26 Nov Copywriting for advertising that gets results

In this article on copywriting for advertising, we look at tried and trusted methods for attracting the reader’s attention. And for persuading them to try, buy or find out more about your product.

You’ll read about:

  • The AIDA principle. A copywriting for advertising checklist
  • Ways to attract the attention of your audience and make them read on
  • How to use advertising copy to build interest and engagement into your advertising
  • Techniques ad professionals use to create desire in advertising copy
  • Calls to action: Techniques for getting readers to respond to your advertising.

AIDA. Making sure your ad does all the right things

Like every industry, advertising is full of acronyms and abbreviations. Partly it’s for convenience. Why spell out ‘Search Engine Results Page,’ ‘Double Page Spread’ and ‘Fast Moving Consumer Goods’ when ‘SERP,’ ‘DPS’ and ‘FMCG’ are so much easier? And partly, it has to be said, it’s because certain ad types think using them makes them sound ‘on-trend.’

But one acronym that’s been around for almost as long as advertising itself is ‘AIDA.’ It stands for ‘Attention, Interest, Desire, Action’ – the four responses any copywriting for advertising must illicit to work. It’s the first thing every copywriting apprentice has drummed into them by advertising industry veterans. And the reason it endures is that no-one has yet found a simpler way of describing how advertising works.

Whether you’re creating a one-off ad in the local paper or a multi-channel campaign, AIDA is the checklist that covers all the bases.

How to attract attention when  you’re copywriting for advertising

The hardest part of any marketing is getting your audience’s attention. As the advertising pioneer Bill Bernbach said, “If no-one notices your advertising, everything else is academic.”

It’s estimated we give a second and a half’s attention to an ad before we decide it’s not for us. So to overcome this problem, ad professionals have developed a whole host of techniques to stop us in our tracks. Many of them were invented in the early years of advertising– the ‘Madmen’ era, if you like. But they remain as effective in the digital age as they were back then. That’s because basic human psychology is the same today as it ever was: Curiosity, fear of missing out and good old ‘what’s in it for me’ pragmatism!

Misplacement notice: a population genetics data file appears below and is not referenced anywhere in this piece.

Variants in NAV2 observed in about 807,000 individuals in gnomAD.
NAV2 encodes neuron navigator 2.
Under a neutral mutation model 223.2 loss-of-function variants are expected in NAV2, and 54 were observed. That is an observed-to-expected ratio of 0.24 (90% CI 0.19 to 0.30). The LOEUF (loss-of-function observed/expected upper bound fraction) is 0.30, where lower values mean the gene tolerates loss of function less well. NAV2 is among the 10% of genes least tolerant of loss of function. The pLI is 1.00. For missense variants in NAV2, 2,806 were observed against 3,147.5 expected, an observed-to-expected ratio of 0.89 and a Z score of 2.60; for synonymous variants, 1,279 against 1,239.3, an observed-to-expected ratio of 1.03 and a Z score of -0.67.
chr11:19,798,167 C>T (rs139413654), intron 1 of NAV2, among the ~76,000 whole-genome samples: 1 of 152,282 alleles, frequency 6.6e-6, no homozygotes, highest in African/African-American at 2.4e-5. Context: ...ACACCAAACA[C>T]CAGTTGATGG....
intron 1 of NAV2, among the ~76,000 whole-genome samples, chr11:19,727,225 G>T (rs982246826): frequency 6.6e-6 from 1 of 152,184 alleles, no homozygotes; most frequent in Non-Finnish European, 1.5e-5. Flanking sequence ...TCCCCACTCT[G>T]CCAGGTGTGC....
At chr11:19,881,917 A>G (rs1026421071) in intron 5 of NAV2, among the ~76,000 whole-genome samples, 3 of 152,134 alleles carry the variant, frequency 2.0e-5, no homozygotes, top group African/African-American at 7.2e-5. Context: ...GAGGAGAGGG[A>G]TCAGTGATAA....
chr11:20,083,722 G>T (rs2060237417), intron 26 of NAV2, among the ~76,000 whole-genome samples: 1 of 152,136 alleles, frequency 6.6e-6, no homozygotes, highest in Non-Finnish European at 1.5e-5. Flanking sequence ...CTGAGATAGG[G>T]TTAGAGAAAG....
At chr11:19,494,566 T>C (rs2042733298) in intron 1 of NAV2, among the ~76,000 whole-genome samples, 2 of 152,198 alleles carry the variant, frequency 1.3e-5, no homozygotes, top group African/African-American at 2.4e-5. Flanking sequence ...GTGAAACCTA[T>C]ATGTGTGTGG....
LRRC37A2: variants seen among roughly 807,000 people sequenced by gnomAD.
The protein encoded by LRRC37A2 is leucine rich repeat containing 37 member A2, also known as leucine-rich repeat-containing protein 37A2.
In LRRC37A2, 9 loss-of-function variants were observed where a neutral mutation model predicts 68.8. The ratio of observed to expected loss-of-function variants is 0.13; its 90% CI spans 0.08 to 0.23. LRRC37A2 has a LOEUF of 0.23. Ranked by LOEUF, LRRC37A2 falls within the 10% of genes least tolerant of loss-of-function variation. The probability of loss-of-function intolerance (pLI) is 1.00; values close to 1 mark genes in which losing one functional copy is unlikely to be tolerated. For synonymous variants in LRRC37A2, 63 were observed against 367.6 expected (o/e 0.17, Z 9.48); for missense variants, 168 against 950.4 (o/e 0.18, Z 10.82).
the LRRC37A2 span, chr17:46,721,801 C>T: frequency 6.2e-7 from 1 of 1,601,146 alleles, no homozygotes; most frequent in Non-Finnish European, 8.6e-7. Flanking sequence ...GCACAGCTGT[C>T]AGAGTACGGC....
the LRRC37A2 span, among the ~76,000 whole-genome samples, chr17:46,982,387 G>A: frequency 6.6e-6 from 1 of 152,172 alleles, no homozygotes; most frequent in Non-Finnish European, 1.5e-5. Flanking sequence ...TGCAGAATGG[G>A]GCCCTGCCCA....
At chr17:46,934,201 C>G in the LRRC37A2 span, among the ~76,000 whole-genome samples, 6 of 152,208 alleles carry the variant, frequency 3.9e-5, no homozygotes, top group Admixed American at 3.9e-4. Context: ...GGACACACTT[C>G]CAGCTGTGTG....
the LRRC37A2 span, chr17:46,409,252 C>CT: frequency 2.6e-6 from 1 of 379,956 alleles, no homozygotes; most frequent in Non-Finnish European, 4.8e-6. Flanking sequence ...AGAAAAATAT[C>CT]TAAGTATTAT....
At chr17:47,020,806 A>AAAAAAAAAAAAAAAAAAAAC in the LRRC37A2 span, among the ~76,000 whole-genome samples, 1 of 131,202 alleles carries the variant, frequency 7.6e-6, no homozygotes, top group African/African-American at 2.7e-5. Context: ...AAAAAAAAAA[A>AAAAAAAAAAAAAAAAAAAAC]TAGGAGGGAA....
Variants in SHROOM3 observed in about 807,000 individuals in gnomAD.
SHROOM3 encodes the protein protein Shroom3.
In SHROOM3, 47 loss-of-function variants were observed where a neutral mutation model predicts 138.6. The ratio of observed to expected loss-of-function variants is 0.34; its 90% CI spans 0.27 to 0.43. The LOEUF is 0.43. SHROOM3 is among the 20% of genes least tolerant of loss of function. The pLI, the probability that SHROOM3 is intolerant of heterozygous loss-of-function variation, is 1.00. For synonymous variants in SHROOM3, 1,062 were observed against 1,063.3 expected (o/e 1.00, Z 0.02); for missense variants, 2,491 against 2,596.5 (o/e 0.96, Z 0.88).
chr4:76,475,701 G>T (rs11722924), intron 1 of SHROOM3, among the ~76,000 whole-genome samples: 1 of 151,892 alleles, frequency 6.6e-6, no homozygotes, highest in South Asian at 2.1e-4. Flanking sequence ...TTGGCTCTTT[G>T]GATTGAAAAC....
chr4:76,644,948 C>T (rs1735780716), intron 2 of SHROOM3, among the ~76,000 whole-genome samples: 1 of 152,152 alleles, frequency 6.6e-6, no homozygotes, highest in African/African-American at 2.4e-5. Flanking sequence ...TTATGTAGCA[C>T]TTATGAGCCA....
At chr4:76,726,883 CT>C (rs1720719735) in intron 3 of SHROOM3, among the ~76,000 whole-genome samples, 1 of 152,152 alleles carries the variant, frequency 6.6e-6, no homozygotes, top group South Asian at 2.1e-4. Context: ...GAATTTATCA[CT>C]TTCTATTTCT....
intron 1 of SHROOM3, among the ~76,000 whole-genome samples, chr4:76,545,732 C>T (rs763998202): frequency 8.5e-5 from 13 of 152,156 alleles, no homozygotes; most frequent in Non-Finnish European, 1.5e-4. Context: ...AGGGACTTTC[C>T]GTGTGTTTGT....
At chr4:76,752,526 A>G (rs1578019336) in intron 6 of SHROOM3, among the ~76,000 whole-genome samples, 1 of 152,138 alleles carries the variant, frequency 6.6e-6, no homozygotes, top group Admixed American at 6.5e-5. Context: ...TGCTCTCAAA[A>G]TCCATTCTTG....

So let’s look at some methods for stopping people turning the page or swiping our social post into oblivion.

Making your audience look

The ad at the top of the page appeared in the building and civil engineering press. We knew these titles were dominated by images of building sites, building products and contractors in hard hats. So to make it stand out, we adopted a vivid colour and illustrative style.

That did two things. First, it set the ad apart from the editorial pages, so people were more likely to stop and look at it. This is what scientists call Visual Salience or The Magpie Effect. And it’s long been regarded as the best explanation of why objects or images catch our eye.

Concert poster showing how visual differences can be used to attract audience attention in advertising

Death Metal band Party Cannon know about using Visual Salience to stand out in a crowded market

 

But more recent research also suggests we are attracted to images with some sort of meaning. (Or that we can ascribe meaning to; the reason those Rorschach inkblot tests are so compelling.) So the second thing our Tarmac ad did was illustrate two uses for sprayed concrete in an unusual way.

Of course, colour and shape are just two of the many tools advertisers use to get our attention. Plenty of psychologists and ad creatives will tell you nothing engages like a human face. Even more so if it’s looking straight at us. There’s even evidence that if a person is looking elsewhere on the page, we’ll follow their gaze accordingly. Another handy way to direct our attention.

 

Two heat map images demonstrating how our attention is directed in advertising that show a baby looking directly at us, and then to a bank of text to one side.

We are hard-wired to engage with faces on the page, and even to look in the direction they’re looking

 

A word about headlines

The above examples, of course, are visual techniques. That’s because the brain processes visual information much quicker than written words on the page. Even so, copywriters have tricks of their own for stopping us in our tracks. Large, bold headlines and simple statements have the power to surprise just as much as visually arresting ads. Especially if they’re controversial or challenging.

One way to do that is to integrate the headline with the visual so the two work together. This is an approach we took for another Tarmac Building Products campaign, this time for one of their road re-surfacing products.